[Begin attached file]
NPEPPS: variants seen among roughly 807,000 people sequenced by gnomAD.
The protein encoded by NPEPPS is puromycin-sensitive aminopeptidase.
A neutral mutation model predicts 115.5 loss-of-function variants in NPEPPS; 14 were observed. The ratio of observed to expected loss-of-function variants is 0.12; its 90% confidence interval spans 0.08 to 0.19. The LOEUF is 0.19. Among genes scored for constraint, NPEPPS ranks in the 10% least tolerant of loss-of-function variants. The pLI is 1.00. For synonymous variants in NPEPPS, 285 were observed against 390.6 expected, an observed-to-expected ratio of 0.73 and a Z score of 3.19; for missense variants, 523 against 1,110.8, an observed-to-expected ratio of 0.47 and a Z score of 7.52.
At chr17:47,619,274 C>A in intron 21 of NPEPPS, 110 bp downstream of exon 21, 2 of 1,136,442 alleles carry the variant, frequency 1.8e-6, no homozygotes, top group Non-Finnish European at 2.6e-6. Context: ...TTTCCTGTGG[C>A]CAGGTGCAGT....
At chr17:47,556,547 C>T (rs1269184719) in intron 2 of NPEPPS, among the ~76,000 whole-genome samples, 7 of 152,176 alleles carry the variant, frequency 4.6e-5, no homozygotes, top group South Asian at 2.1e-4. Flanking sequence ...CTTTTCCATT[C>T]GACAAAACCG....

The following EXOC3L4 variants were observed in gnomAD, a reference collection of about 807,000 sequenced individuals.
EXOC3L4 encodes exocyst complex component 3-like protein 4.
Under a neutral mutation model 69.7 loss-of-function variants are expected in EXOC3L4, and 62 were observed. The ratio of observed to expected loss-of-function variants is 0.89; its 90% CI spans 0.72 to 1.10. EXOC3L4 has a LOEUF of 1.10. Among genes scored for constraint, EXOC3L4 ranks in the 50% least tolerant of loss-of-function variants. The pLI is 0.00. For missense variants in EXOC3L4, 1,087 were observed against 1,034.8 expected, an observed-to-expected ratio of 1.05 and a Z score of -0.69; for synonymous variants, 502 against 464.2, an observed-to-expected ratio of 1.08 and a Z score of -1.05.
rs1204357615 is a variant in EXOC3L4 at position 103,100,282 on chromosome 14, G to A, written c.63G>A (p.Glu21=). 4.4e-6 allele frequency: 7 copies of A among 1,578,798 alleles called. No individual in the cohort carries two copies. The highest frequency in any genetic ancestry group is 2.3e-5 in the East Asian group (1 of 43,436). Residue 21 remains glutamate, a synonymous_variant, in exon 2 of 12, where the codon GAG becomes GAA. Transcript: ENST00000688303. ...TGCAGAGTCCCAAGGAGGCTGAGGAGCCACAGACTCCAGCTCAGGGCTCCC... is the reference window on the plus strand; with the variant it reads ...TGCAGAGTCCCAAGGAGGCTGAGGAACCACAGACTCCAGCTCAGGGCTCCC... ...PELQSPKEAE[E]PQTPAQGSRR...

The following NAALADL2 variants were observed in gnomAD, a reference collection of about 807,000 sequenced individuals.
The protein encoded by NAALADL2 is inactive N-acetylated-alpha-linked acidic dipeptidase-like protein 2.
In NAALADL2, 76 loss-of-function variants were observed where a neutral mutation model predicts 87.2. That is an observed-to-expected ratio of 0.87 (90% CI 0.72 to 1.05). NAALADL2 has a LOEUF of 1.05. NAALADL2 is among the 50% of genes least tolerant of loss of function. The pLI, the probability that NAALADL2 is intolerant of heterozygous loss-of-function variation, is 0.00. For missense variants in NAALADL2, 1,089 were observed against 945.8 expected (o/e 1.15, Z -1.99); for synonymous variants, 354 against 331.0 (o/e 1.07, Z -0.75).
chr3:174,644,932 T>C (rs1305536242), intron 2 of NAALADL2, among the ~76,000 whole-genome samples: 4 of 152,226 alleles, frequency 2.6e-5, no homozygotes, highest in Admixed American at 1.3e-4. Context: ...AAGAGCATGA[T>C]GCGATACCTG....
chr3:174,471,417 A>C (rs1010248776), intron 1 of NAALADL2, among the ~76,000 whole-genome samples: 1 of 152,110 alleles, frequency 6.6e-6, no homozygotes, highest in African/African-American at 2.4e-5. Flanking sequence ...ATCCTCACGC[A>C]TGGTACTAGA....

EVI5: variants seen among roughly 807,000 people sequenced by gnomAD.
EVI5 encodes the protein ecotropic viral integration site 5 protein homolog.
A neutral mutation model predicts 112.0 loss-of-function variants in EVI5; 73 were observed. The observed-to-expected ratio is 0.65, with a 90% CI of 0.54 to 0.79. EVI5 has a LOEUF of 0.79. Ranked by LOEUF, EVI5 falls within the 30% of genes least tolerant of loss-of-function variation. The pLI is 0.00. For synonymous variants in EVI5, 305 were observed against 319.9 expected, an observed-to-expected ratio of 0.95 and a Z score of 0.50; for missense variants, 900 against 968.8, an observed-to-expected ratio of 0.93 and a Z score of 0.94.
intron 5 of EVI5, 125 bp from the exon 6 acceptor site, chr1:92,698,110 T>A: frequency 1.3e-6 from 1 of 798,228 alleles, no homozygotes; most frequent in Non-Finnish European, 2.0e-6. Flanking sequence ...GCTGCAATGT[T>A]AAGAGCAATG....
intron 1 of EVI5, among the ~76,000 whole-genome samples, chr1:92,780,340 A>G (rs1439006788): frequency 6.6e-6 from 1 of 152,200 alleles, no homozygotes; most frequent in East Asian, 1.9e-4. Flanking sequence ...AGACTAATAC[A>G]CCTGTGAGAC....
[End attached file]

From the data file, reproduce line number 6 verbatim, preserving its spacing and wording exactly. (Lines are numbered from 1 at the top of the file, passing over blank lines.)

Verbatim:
The following EXOC3L4 variants were observed in gnomAD, a reference collection of about 807,000 sequenced individuals.